The Curate’s Egg


The two main cutting beds, with cosmos, tithonia and other oddments still flowering

So, how did the cutting beds and plant-raising go this year? A bit like the Curate’s egg – all right in parts. Having started some sweet peas off in October last year, other seed sowing began in earnest from February, and continued for several months. Most seeds began in the house and were moved immediately on germination into the greenhouse, having learned the previous year that they would grow weak and lanky otherwise. Germination generally was very good, the only failures being a green zinnia and some coleus, and seedlings were pricked out in good time, again something I had learned from the previous year.

The early sweet peas were planted out before the end of May, but it was clear that nothing else was mature enough to join them – and it was many weeks later, after hearing a similar report from a friend, before I realized that the seedlings were just failing to thrive and seemingly due to the compost. At this stage I bought an alternative compost, resowed tithonia, zinnia and tagetes and potted on the other almost stunted seedlings. The ammi and orlaya grown for a Which? Gardening trial were all sown in a different compost.


These later sowings thrived and have flowered well but so late in the season that they have not had the chance to do themselves justice. Of the other seedlings, Cosmos ‘Candy Stripe’ and the two sunflowers, Topolino and Ruby Eclipse’, were the only ones that completely recovered and flowered well. Antirrhinum and cleome never reached flowering stage but I am hoping to retain the plants for next year, whilst cerinthe, Cosmos ‘Polidor’ , nigella, clary, marigold, briza, malva and Dahlia ‘Bishop’s Children’ were mere feeble apologies. And as for the amaranthus! Compare the feeble squirt on the left with one of the plants from seedlings passed on to a friend:

amaranthusIMG_3392The new Sarah Raven dahlias were started off as instructed and planted out later in the bold borders with an existing Bishop of Llandaff – the latter perhaps had a dozen flowers, but the others spectacularly did nothing – all either slug nibbled or crowded out by crocosmia. Ironically, once of last year’s failed dahlias was planted (well, shoved) out in the back corner of the cutting beds rather than throw it out, and produced a healthy plant with several flowers and no sign of slug damage!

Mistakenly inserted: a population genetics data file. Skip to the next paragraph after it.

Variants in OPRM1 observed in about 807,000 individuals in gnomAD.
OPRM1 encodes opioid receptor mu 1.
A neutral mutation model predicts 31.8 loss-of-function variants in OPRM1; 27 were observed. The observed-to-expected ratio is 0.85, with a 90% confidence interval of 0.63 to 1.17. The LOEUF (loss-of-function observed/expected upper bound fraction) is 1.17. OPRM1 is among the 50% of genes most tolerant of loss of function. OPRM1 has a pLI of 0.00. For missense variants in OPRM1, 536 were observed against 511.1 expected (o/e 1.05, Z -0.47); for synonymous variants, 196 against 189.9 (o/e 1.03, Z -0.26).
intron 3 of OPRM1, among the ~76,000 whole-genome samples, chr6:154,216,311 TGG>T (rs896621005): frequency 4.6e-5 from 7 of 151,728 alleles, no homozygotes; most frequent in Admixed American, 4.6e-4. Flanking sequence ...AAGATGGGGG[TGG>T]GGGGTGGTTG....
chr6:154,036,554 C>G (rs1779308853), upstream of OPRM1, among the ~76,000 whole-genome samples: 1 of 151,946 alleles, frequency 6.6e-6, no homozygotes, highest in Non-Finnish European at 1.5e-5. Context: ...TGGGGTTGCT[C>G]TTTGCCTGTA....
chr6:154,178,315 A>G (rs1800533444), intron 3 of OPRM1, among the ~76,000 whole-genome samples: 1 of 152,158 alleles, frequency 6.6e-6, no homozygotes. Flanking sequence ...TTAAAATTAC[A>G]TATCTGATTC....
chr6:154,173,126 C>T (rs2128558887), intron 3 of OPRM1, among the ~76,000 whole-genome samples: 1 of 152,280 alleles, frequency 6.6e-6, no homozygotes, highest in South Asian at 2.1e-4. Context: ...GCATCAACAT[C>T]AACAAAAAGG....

I avoided direct sowing anything except nasturtiums directly, mainly due to lack of any clear ground in the borders; these nasturtium also flowered feebly early on but had a good later flush. I had intended to plant out some of the other seedlings in the borders later but aftertheball.2the weaklings weren’t really up to it so virtually all of them were planted in the cutting beds. The sweet peas which were planted into the bold borders and by the clematis colonnade did well though, a first for me. The earlier sowing was especially successful.

What have I learned from all this? I have certainly gained from the experience in becoming more aware of routines and timings and the potential pitfalls – and realized from other bloggers that autumn sowings (where appropriate) will give the benefit of flowers early in the season. At the end of August I sowed Sweet William ‘Black Prince’ and ‘Cottage Perfume, Centaurea ‘Black Ball’ and an unnamed white, white Papaver somniferum ‘Swansdown’, various ‘Cool Wave’ winter flowering pansies and summer pansies too, and some of these have been planted out already.This week I have belatedly sown Ammi visnaga and clary sage – sweet peas will follow soon after last season’s resounding success. The small greenhouse will therefore be a winter home to a number of healthy seedlings, including perennial teucrium and some unusual hellebores from Christine at Croft Garden.

IMG_3393IMG_3388I may not have picked huge amounts from the cutting beds this year, but I am optimistic for next year and am fully appropriating the other two beds by the greenhouse to extend their scope, the few vegetables they slept with being shunted to the new veg bed within the fruit cage. Some alliums and last year’s tulips will be planted in these two beds  to start the season off, after a good digging over and addition of compost and leaf mold. This brings me to the final and very important lesson learned from my experiences this year : HEALTHY PLANTS NEED FOOD AND WATER!


This entry was posted in cutting beds, Gardening, Gardens, greenhouse, seed sowing. Bookmark the permalink.

29 Responses to The Curate’s Egg

  1. Chloris says:

    I have noticed the incredible difference in seedlings sown in different composts. Do you use peat free compost? We are not allowed to advertise products on WordPress are we? But it would be so useful to learn which composts other bloggers find produce the best results.

    • AnnetteM says:

      Hi Chloris – you could always try a survey – it wouldn’t be hosted directly on WordPress!

    • Cathy says:

      Hi Chloris – we are promoting different nurseries, seed/bulb companies and garden products all the time just by commenting on them and referring to composts is no differentie I don’t think a recommendation would count as advertising. I subscribe to Which? Gardening and use their Best Buys, one of which was a B&Q product which many readers have had issues with this year and they are investigating it further. My autumn sowings are in a J.AB 100% peat compost which was also a Best Buy.

  2. rickii says:

    I had very bad luck with the planting pellet systems this year, so for 2015 it’s back to clay pots with seed starting mix. I love the green zinnia ‘Envy’, but it resists all attempts to grow from seed (mine, anyway) and is never available from the nurseries. Your true confessions of successes and failures is heartening, if for no other reason than misery loves company. “Next Year’ is my mantra.

    • Cathy says:

      What is a ‘planting pellet’ scheme, Rickii? Pelleted seed, or something different? I had one plant from Z. Envy last year but I don’t think I shall try again with them. It’s good to share these experiences – heartening, as you say.

      • rickii says:

        It’s a plastic try that holds peat pellets. you moisten the pellets, plant the seeds in them, then cover with the clear plastic dome included in the system until the seeds germinate (if you’re lucky)

  3. AnnetteM says: